We are in the territory of Janus, the ancient Roman god who gives us the name of our first month. Janus is the master of beginnings, as well as doors and archways (minus their hinges, a subspecialty deputized to the goddess Cardea). Getting things off on the right foot was important to the Romans, who believed that “beginning are often omens,” in the words of Ovid. This superstition gives rise to several modern-day customs, such as carrying a bride over the threshold lest she stumble and set a disastrous tone for the whole marriage.
The beginning of every month was sacred to Janus, especially the beginning of the first month. On the kalends of Januarius, Romans did everything possible to please (read: bribe) Janus to ensure a prosperous new year. They adorned their houses with evergreens, prepared offerings for the god, and exchanged good wishes and strenae, or “good signs,” such as dates and figs, which portended sweet things to come. The Roman custom of exchanging gifts on New Year’s Day continued through the Middle Ages, and in some places, endures to the present—though the old pagan feasting, gifting, and decorating have moved back a week or so in association with Christmas. Luckily, Janus’s preferred offerings did not include slaughtered lambs or babies, but cakes of spelt and salt.
The feast of Janus was also a moment to try on one’s new, improved New Year’s self, as in this description from the classic tome A Dictionary of Greek and Roman Biography and Mythology:
On New Year’s Day, which was the principal festival of the god, people took care that all they thought, said, and did, was pure and favorable, since every thing was ominous for the occurrences of the whole year. Hence the people wore festive garments, abstained from cursing, quarrelling; they saluted every one they met with words of favourable import, gave presents to one another, and performed some part of what they intended to do in the course of the year.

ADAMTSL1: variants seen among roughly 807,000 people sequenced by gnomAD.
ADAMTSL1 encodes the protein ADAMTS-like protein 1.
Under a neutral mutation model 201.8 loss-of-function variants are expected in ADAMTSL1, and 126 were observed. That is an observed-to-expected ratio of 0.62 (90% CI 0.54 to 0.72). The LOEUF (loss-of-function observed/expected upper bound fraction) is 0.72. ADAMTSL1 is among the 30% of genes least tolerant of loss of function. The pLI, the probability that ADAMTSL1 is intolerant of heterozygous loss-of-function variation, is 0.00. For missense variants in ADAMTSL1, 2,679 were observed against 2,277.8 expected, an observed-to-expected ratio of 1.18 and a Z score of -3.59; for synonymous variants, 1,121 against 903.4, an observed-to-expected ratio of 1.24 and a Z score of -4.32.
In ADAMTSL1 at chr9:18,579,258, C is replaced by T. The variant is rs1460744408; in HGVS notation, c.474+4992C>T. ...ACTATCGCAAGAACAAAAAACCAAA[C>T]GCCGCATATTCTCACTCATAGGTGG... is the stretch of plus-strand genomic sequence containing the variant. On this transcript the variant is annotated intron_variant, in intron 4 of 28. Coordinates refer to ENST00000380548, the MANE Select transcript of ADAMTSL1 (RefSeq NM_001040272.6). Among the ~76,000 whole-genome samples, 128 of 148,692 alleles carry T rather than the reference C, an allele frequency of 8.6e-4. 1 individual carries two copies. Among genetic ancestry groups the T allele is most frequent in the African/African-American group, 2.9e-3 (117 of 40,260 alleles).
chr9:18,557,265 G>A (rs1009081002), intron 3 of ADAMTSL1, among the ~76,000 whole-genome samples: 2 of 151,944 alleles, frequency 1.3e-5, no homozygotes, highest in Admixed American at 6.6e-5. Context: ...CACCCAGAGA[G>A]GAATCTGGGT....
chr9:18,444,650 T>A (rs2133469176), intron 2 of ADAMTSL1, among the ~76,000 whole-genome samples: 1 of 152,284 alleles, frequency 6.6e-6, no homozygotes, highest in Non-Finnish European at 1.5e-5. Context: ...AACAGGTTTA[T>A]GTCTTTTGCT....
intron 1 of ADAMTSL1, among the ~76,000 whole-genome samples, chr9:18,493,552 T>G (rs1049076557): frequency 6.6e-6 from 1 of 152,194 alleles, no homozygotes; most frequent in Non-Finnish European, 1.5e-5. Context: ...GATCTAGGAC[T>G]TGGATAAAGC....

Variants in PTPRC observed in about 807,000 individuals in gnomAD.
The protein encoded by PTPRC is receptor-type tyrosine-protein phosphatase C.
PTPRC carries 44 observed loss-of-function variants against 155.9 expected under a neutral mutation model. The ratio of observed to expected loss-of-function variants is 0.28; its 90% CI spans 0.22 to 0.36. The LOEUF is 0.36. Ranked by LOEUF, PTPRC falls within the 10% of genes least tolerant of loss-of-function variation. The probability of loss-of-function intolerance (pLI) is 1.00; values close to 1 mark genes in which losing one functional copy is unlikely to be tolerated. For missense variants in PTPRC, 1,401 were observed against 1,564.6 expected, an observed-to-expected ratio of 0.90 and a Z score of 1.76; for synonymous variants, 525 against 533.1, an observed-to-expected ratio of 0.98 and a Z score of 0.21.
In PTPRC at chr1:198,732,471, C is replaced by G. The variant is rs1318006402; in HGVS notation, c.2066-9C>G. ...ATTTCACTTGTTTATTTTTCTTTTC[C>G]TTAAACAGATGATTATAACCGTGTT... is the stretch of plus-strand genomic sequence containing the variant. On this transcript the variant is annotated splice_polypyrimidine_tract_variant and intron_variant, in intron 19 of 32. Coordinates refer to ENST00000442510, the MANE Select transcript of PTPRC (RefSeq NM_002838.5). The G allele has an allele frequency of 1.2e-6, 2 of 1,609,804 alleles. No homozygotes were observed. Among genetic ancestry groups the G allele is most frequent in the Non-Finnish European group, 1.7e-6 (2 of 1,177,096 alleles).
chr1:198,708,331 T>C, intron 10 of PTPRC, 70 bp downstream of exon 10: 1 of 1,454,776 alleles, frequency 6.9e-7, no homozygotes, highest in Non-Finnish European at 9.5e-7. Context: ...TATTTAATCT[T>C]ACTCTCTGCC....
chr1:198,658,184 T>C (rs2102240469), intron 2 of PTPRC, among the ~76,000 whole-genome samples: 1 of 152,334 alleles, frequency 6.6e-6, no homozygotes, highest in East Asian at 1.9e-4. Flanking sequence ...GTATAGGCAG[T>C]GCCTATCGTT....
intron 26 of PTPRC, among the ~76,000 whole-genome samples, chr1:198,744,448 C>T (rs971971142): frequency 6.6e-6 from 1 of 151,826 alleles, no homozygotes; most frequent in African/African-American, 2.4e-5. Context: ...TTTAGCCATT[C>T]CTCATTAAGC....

How long after New Year’s this virtuous behavior lasted is anyone’s guess.
Janus is easy to spot because he’s always depicted with two faces–sometimes with one youthful and one aged, as in this late-Renaissance drawing in the exhibition Disegno: Drawing in Europe, 1520–1600. Here he holds his attribute, a key, a reference to his realm of gates and doors.
Janus’s two faces aren’t meant to suggest villainy, but rather his ability to see both comings and goings, past and future. And as this illumination from a medieval calendar shows, having two mouths comes in handy because you can eat and drink at the same time. This piggish Janus appears to be eating some kind of sausage, rather than a bland spelt patty.
Is Janus watching us this year? It might not hurt to offer up some cake, and to pursue your new year’s resolutions for at least one day just in case. And cut down on the cursing and quarreling, dammit!